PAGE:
B-2 Spirit bombers recently wrapped up their first-ever rotation to Joint Base Pearl Harbor-Hickam, Hawaii, and executed missions with their F-22 Raptor stealth fighter counterpart, giving pilots a sense of how the two aircraft would pair in a high-threat environment, according to the Air Force.
Three of the bombers and approximately 200 airmen from Whiteman Air Force Base, Missouri, deployed for the six-week rotation as part of U.S. Strategic Command's Bomber Task Force mission, the service said in an Oct. 4 news release.
"The B-2 Spirit's first deployment to [Hickam] highlights its strategic flexibility to project power from anywhere in the world," Maj. Gen. Stephen Williams, director of air and cyberspace operations, Pacific Air Forces, said in the release. "The B-2s conducted routine air operations and integrated capabilities with key regional partners, which helped ensure a free and open Indo-Pacific."
The training focused on integrating with F-22s from the 199th Fighter Squadron, 154th Wing, under the Hawaii Air National Guard. F-22s escorted the heavy bombers in simulated exercises, providing extra situational awareness during the mission, officials said.
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For example, the F-22's sensors have the ability to identify other aircraft -- down to the airframe -- and detect surface-to-air missiles and relay their existence to other friendly forces while remaining stealthy on radar.
"The Bomber Task Force is a total-force integration deployment," said Lt. Col. Nicholas Adcock, commander of the 393rd Bomb Squadron, part of Air Force Global Strike Command. "Our active-duty and Guard members worked seamlessly together with their counterparts here in Hawaii to determine the best way for the B-2 to operate from this location in the future."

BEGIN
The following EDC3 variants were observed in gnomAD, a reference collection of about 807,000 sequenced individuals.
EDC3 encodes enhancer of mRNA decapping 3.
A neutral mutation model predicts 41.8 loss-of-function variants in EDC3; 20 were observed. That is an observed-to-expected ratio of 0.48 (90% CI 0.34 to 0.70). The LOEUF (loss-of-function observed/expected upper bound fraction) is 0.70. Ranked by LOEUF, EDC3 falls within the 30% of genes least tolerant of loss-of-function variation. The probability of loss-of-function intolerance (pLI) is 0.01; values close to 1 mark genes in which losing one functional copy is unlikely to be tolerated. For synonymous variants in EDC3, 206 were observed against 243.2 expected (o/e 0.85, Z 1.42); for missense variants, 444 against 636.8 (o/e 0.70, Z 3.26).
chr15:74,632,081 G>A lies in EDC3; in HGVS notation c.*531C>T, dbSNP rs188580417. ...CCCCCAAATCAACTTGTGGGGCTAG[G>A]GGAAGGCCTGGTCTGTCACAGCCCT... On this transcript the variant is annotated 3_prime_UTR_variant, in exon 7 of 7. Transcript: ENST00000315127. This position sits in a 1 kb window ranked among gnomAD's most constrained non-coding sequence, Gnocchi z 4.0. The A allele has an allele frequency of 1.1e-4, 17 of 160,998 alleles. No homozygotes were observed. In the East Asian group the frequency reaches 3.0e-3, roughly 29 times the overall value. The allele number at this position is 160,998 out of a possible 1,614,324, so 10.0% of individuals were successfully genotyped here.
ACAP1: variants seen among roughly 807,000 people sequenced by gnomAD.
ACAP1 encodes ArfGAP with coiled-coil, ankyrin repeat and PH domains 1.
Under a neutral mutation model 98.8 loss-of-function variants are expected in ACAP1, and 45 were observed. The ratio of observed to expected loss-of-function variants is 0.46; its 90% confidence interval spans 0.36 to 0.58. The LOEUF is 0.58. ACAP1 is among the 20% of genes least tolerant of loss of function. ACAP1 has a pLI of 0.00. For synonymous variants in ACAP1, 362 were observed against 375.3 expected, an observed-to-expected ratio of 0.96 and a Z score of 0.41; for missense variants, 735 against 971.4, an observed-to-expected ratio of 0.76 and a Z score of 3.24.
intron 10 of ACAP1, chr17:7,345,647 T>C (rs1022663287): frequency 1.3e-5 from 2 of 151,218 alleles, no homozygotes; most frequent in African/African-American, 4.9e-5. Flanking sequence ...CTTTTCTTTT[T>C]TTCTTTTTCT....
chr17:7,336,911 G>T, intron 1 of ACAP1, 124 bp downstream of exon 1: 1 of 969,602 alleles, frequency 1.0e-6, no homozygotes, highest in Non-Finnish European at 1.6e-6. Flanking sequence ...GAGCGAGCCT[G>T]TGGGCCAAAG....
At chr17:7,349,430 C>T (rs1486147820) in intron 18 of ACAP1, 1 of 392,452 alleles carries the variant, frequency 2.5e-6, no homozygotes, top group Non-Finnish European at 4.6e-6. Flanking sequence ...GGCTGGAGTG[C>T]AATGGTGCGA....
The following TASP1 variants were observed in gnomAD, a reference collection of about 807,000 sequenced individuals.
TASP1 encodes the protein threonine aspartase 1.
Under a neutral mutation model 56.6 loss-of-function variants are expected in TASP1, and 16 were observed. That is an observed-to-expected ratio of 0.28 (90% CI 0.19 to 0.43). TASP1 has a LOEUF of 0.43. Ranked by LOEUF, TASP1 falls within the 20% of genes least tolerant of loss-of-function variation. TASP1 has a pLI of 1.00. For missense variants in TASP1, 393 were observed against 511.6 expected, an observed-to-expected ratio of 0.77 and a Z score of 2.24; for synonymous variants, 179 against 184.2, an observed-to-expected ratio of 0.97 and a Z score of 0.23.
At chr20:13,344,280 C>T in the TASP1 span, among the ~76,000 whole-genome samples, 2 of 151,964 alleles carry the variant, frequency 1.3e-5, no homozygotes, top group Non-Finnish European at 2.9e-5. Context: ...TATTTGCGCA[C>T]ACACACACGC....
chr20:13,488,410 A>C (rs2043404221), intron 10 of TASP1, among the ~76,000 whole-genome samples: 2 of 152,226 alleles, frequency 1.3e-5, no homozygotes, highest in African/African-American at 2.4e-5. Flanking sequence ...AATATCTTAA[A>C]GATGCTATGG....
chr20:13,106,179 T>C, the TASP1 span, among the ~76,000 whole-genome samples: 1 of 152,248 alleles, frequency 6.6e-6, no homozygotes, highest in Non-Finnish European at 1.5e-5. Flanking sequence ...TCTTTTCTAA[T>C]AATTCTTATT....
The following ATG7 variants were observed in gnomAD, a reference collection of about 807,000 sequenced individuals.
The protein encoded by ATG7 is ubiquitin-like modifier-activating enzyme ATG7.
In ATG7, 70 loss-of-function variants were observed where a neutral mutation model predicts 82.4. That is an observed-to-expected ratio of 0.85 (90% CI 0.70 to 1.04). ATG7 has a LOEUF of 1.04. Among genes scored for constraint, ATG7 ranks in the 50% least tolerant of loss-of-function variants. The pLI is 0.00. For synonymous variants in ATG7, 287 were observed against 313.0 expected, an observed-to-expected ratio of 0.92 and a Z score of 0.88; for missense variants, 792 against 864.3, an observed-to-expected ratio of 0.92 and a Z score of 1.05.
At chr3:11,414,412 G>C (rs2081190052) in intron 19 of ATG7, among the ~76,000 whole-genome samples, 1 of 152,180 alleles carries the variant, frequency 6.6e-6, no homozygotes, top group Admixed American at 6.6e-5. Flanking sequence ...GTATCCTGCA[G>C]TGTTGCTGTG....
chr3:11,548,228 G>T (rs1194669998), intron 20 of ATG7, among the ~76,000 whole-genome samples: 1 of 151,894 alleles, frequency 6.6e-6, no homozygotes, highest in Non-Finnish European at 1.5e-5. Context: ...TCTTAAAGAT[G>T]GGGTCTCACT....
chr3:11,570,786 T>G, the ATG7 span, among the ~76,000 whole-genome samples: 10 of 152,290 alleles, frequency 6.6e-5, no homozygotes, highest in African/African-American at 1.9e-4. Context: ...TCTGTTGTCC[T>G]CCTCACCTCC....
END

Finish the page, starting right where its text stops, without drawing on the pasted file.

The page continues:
Airmen supporting the operations also practiced hot-pit refueling and loading inert BDU-50 bombs in the B-2's bomb bay, the Air Force said.
Hot-pit refueling means an aircraft's engines keep running on the flight line while it takes on fuel. The technique, which reduces maintenance hours and turnaround time to get an aircraft airborne, has become more prevalent, especially for aircraft such as the C-130 Hercules, which makes multiple trips in a day.
A B-2 practiced hot-pit refueling Sept. 14 at Wake Island, an atoll in the mid-Pacific nearly 2,500 miles from Hawaii and just north of the Marshall Islands, the service said.
Without citing specific numbers, airmen loaded BDU-50s -- a practice version of the general-purpose Mk 82 -- on the Hickam flight line to rehearse how quickly they could ready weapons.
"This weapons load is the first stepping stone to loading live munitions from this location," said Master Sgt. Nicholas Lewis, the 393rd Aircraft Maintenance Unit weapons section chief. "Furthermore, it provides pilots and load crews valuable training necessary to accomplish future [Bomber Task Force] missions."
The exercises concluded Sept. 27, the Air Force said.
Last year, a B-2 flew to the Pacific to demonstrate the U.S.' commitment to partners and allies while North Korea conducted missile tests. Its presence at the time marked the first for the B-2 -- capable of carrying both conventional and nuclear weapons -- in the theater since a trio of the bombers wrapped up training exercises in early 2017 with the Australian Air Force.